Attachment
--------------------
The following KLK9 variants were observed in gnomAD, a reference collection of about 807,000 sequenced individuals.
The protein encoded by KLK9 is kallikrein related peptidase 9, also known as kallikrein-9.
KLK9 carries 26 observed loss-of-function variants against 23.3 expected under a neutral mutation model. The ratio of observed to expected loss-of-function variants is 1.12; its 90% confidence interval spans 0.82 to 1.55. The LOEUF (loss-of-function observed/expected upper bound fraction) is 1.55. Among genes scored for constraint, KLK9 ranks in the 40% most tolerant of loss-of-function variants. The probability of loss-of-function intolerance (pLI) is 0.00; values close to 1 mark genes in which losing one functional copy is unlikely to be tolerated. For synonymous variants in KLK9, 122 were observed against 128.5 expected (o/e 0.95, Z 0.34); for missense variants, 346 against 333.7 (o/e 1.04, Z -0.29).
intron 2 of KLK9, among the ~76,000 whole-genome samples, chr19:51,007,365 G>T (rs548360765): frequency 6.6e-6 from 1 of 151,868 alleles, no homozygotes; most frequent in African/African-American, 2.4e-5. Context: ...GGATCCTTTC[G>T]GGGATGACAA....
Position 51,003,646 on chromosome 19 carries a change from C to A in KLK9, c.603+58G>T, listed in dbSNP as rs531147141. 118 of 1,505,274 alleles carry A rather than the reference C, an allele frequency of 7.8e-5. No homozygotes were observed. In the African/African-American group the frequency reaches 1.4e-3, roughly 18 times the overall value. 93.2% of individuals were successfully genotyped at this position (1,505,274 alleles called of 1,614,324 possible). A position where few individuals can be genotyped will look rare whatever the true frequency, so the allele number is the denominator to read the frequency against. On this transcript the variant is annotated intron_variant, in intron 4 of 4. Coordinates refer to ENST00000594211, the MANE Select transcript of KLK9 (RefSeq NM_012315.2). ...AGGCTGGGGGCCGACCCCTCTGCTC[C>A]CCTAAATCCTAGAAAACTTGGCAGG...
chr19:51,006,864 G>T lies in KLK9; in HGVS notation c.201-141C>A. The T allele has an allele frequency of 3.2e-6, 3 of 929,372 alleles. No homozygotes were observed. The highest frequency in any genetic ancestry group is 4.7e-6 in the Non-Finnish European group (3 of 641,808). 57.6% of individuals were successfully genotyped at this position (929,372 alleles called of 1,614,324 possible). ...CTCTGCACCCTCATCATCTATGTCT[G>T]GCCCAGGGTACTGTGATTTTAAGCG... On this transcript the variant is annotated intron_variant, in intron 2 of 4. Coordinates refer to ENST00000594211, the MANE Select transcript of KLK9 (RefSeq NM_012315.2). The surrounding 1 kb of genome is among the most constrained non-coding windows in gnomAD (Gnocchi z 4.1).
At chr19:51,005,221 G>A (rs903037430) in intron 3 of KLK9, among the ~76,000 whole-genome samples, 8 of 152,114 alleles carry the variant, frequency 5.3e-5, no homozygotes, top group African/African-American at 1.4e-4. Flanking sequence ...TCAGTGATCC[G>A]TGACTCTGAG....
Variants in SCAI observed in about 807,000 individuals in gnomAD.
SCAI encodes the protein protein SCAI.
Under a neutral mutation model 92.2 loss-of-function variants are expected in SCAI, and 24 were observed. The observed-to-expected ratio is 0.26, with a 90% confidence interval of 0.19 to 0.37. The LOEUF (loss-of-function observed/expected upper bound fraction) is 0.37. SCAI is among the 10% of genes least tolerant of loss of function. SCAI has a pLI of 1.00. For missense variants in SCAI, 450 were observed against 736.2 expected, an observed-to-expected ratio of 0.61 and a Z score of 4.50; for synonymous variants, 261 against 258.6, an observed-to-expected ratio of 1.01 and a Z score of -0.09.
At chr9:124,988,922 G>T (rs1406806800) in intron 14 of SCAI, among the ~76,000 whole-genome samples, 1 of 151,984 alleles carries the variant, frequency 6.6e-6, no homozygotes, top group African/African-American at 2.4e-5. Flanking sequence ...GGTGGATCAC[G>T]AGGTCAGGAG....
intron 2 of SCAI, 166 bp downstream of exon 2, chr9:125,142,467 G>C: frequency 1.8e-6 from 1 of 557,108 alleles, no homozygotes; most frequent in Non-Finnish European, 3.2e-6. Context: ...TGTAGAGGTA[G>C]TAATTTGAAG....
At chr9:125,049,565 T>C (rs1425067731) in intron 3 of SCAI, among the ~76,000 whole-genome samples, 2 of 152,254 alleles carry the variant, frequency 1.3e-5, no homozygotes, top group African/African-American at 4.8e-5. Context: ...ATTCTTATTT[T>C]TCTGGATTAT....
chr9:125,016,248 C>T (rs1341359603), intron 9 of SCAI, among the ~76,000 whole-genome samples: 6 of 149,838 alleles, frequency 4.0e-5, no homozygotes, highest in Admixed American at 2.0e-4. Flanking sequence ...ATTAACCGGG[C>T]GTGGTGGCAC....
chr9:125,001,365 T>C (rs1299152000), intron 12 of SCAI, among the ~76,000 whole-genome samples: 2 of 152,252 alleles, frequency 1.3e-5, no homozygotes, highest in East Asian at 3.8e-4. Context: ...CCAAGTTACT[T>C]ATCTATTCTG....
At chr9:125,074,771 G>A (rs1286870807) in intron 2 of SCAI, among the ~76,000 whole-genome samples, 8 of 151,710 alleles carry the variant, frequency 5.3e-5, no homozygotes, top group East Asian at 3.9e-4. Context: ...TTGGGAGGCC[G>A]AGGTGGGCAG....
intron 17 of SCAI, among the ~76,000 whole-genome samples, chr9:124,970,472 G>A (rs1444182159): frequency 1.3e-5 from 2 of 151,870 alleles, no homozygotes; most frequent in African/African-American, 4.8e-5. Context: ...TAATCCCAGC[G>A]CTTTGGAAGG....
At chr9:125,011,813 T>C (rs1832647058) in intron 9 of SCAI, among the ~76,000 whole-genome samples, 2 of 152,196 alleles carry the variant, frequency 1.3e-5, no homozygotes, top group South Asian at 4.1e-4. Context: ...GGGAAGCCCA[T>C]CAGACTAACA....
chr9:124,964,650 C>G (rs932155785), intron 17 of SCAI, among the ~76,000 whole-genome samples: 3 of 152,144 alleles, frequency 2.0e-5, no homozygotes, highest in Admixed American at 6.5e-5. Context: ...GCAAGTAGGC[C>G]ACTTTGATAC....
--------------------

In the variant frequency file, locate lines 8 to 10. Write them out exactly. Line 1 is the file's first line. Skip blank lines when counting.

Variants in SCAI observed in about 807,000 individuals in gnomAD.
SCAI encodes the protein protein SCAI.
Under a neutral mutation model 92.2 loss-of-function variants are expected in SCAI, and 24 were observed. The observed-to-expected ratio is 0.26, with a 90% confidence interval of 0.19 to 0.37. The LOEUF (loss-of-function observed/expected upper bound fraction) is 0.37. SCAI is among the 10% of genes least tolerant of loss of function. SCAI has a pLI of 1.00. For missense variants in SCAI, 450 were observed against 736.2 expected, an observed-to-expected ratio of 0.61 and a Z score of 4.50; for synonymous variants, 261 against 258.6, an observed-to-expected ratio of 1.01 and a Z score of -0.09.